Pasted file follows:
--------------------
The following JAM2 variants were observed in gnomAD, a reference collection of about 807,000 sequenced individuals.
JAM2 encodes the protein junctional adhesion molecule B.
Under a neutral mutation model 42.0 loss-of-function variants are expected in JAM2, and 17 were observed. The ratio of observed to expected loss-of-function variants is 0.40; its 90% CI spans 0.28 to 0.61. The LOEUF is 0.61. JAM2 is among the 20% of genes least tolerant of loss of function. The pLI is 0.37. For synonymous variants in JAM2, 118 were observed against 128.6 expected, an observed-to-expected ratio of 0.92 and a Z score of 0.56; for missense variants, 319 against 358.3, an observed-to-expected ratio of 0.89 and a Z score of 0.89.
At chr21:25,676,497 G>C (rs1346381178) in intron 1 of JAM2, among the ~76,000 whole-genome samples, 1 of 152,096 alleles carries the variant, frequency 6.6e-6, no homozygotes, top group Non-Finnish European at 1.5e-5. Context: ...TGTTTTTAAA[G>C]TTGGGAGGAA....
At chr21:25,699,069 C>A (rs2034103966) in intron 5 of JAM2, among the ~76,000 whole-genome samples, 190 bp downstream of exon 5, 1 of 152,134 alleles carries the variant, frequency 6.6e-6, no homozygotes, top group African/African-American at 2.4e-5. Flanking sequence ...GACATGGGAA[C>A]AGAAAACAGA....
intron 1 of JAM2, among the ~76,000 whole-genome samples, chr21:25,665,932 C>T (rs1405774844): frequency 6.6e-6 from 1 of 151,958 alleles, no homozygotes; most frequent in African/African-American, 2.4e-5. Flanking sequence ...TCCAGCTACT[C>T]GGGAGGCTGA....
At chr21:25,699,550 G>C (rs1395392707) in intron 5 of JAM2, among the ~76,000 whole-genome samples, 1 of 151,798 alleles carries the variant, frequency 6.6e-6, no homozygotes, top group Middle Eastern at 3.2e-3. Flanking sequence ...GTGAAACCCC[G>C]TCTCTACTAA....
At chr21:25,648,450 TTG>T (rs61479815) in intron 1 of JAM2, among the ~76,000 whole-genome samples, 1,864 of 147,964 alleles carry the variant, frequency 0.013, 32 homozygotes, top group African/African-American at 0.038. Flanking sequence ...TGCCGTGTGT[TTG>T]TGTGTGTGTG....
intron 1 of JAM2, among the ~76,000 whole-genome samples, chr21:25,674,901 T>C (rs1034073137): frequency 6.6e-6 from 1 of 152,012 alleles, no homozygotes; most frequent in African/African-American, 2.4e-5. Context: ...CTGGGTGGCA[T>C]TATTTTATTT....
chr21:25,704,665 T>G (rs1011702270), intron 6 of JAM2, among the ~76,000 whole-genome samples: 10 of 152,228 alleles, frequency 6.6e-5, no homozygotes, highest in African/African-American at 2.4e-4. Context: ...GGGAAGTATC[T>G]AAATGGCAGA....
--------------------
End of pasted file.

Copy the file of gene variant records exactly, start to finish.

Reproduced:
The following JAM2 variants were observed in gnomAD, a reference collection of about 807,000 sequenced individuals.
JAM2 encodes the protein junctional adhesion molecule B.
Under a neutral mutation model 42.0 loss-of-function variants are expected in JAM2, and 17 were observed. The ratio of observed to expected loss-of-function variants is 0.40; its 90% CI spans 0.28 to 0.61. The LOEUF is 0.61. JAM2 is among the 20% of genes least tolerant of loss of function. The pLI is 0.37. For synonymous variants in JAM2, 118 were observed against 128.6 expected, an observed-to-expected ratio of 0.92 and a Z score of 0.56; for missense variants, 319 against 358.3, an observed-to-expected ratio of 0.89 and a Z score of 0.89.
At chr21:25,676,497 G>C (rs1346381178) in intron 1 of JAM2, among the ~76,000 whole-genome samples, 1 of 152,096 alleles carries the variant, frequency 6.6e-6, no homozygotes, top group Non-Finnish European at 1.5e-5. Context: ...TGTTTTTAAA[G>C]TTGGGAGGAA....
At chr21:25,699,069 C>A (rs2034103966) in intron 5 of JAM2, among the ~76,000 whole-genome samples, 190 bp downstream of exon 5, 1 of 152,134 alleles carries the variant, frequency 6.6e-6, no homozygotes, top group African/African-American at 2.4e-5. Flanking sequence ...GACATGGGAA[C>A]AGAAAACAGA....
intron 1 of JAM2, among the ~76,000 whole-genome samples, chr21:25,665,932 C>T (rs1405774844): frequency 6.6e-6 from 1 of 151,958 alleles, no homozygotes; most frequent in African/African-American, 2.4e-5. Flanking sequence ...TCCAGCTACT[C>T]GGGAGGCTGA....
At chr21:25,699,550 G>C (rs1395392707) in intron 5 of JAM2, among the ~76,000 whole-genome samples, 1 of 151,798 alleles carries the variant, frequency 6.6e-6, no homozygotes, top group Middle Eastern at 3.2e-3. Flanking sequence ...GTGAAACCCC[G>C]TCTCTACTAA....
At chr21:25,648,450 TTG>T (rs61479815) in intron 1 of JAM2, among the ~76,000 whole-genome samples, 1,864 of 147,964 alleles carry the variant, frequency 0.013, 32 homozygotes, top group African/African-American at 0.038. Flanking sequence ...TGCCGTGTGT[TTG>T]TGTGTGTGTG....
intron 1 of JAM2, among the ~76,000 whole-genome samples, chr21:25,674,901 T>C (rs1034073137): frequency 6.6e-6 from 1 of 152,012 alleles, no homozygotes; most frequent in African/African-American, 2.4e-5. Context: ...CTGGGTGGCA[T>C]TATTTTATTT....
chr21:25,704,665 T>G (rs1011702270), intron 6 of JAM2, among the ~76,000 whole-genome samples: 10 of 152,228 alleles, frequency 6.6e-5, no homozygotes, highest in African/African-American at 2.4e-4. Context: ...GGGAAGTATC[T>G]AAATGGCAGA....